Progressively Speaking: We never look back at Simchat Torah, only forwards
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Progressively Speaking: We never look back at Simchat Torah, only forwards

Rabbi Dr René Pfertzel takes a topic from Jewish texts and offers a Liberal Jewish response

Torah scroll (Photo by Tanner Mardis on Unsplash)
Torah scroll (Photo by Tanner Mardis on Unsplash)

The festival of Simchat Torah emerged in the Middle Ages, somewhere between the 9th and the 12th century CE. It is attached to the end of Succot, Shemini Atzeret. Progressive Jews throughout the world follow the custom of Eretz Israel and mark both festivals on the same day. 

There is indeed something exhilarating in celebrating a new beginning. We completed a whole cycle of Torah and we are immediately embarking on a new one, reading the last verses of Deuteronomy and the first of Genesis, almost in one breath. 

The last letter of Torah is lamed (Israel), and the first is bet (Bereshit). Together, lamed and bet make up the word lev, heart. Torah is at the heart of Israel, and Israel commits to Torah with all its heart. 

The end of the book of Deuteronomy, a Torah portion called V’zot HaBerachah, is read only on Simchat Torah. 

The Torah ends with these words: “Never again did there arise in Israel a prophet like Moses, whom the Eternal singled out, face to face, for the various signs and wonders the Eternal performed in Egypt, and for the great and awesome power Moses displayed before all Israel.”

The death of a hero begs the question: How did we get to this point, when the last word of our most sacred text is Israel, our people, and what is the purpose of this sacred history? It is also an invitation to revisit the origins.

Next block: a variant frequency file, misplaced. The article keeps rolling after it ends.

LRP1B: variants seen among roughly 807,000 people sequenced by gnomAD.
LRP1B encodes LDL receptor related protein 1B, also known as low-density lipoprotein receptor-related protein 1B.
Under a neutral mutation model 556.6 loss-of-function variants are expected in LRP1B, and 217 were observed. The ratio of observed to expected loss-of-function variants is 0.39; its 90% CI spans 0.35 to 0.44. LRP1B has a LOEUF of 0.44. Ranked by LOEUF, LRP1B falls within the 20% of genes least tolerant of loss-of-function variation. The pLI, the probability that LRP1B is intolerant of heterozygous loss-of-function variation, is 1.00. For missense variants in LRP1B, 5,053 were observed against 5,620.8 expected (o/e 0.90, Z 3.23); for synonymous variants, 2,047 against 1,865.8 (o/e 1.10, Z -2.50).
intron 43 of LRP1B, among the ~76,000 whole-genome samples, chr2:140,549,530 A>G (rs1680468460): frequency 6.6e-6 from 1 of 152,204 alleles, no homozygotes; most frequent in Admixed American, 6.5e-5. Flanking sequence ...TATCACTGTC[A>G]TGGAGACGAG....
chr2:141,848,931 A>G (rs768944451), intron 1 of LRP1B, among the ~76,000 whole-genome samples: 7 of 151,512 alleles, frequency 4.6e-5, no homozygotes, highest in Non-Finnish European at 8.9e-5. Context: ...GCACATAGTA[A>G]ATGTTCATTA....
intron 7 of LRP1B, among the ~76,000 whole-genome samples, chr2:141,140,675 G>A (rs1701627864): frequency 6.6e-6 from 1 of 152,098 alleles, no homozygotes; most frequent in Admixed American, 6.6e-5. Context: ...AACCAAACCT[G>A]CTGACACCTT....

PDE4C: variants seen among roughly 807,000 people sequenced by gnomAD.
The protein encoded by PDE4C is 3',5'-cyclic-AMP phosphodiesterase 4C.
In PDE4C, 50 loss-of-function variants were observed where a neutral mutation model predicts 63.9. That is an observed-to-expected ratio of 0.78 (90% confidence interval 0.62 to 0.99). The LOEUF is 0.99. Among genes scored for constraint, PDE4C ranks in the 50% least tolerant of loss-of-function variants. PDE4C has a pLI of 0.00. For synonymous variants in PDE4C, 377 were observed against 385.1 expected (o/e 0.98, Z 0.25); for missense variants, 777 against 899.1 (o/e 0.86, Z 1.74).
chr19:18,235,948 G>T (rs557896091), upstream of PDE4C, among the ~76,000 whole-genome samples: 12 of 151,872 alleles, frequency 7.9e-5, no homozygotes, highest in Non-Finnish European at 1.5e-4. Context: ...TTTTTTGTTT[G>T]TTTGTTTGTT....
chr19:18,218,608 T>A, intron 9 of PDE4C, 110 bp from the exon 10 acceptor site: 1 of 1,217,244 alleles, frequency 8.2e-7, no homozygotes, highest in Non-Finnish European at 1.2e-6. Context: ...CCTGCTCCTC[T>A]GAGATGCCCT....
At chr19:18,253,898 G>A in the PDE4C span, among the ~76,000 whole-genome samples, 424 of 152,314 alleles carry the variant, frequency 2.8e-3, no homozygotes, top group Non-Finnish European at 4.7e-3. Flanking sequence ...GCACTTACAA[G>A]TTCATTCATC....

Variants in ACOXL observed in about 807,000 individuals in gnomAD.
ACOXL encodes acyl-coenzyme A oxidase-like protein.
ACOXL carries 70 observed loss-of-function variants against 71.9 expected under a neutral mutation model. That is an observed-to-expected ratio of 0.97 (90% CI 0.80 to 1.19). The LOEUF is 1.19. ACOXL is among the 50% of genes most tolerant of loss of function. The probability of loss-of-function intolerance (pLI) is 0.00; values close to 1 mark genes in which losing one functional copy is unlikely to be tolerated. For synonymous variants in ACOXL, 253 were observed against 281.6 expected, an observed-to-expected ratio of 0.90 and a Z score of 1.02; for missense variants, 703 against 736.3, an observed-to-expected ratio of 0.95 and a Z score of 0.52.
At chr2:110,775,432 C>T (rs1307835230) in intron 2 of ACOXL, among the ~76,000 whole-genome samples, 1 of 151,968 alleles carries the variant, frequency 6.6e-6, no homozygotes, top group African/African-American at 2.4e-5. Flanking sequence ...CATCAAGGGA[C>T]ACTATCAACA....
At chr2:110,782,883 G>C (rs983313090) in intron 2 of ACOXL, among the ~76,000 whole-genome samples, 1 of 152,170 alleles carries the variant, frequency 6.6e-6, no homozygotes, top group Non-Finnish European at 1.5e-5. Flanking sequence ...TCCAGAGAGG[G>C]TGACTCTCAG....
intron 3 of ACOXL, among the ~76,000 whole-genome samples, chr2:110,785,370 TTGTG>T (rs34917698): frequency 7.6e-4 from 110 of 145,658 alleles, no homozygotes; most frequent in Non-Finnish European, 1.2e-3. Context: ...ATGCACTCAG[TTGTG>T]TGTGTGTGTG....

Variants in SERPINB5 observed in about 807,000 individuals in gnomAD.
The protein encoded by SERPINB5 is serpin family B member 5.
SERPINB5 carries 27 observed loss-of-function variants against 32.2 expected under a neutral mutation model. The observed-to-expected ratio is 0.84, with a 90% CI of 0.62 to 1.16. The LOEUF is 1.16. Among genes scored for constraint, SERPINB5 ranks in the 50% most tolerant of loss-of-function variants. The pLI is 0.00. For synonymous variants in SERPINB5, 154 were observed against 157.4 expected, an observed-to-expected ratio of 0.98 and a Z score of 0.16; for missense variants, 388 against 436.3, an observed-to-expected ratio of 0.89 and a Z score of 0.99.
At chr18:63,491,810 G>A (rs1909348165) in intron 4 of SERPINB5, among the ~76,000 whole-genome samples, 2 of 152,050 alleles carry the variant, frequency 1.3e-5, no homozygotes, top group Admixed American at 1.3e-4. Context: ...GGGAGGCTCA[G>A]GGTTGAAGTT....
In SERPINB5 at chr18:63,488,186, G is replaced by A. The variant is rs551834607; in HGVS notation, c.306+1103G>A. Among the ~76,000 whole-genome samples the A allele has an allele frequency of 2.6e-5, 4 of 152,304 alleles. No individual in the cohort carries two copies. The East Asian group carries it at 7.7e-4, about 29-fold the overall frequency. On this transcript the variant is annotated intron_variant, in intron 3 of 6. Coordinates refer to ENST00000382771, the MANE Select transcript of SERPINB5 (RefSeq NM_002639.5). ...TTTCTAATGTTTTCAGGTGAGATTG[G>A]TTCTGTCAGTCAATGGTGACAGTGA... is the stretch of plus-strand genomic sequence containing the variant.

Bereshit bara Elohim et ha-shamayim v’et ha-aretz has the first of many riddles of Torah: How can we translate Bereshit? The traditional translation says, “in the beginning” but it is not what the vocalised Hebrew says. The Masoretic text says very clearly, “in a beginning, God created the heavens and the earth”. There is no indication of what happened before.

We start our foundational texts with God’s creative power: God has created a universe that holds the capacity to renew and reproduce itself, that will host human beings endowed with free will. It is as if Torah wanted to tell us: Do not look backwards, but only forwards. 

In the beginning the future is created, not with certainty, but with a question: Where do we come from and where do we want to go?

Each beginning of the cycle invites us to ask these questions and to offer answers, new and yet eternal.  

  • Rabbi Dr René Pfertzel is co-chair of the Conference of Liberal Rabbis and Cantors
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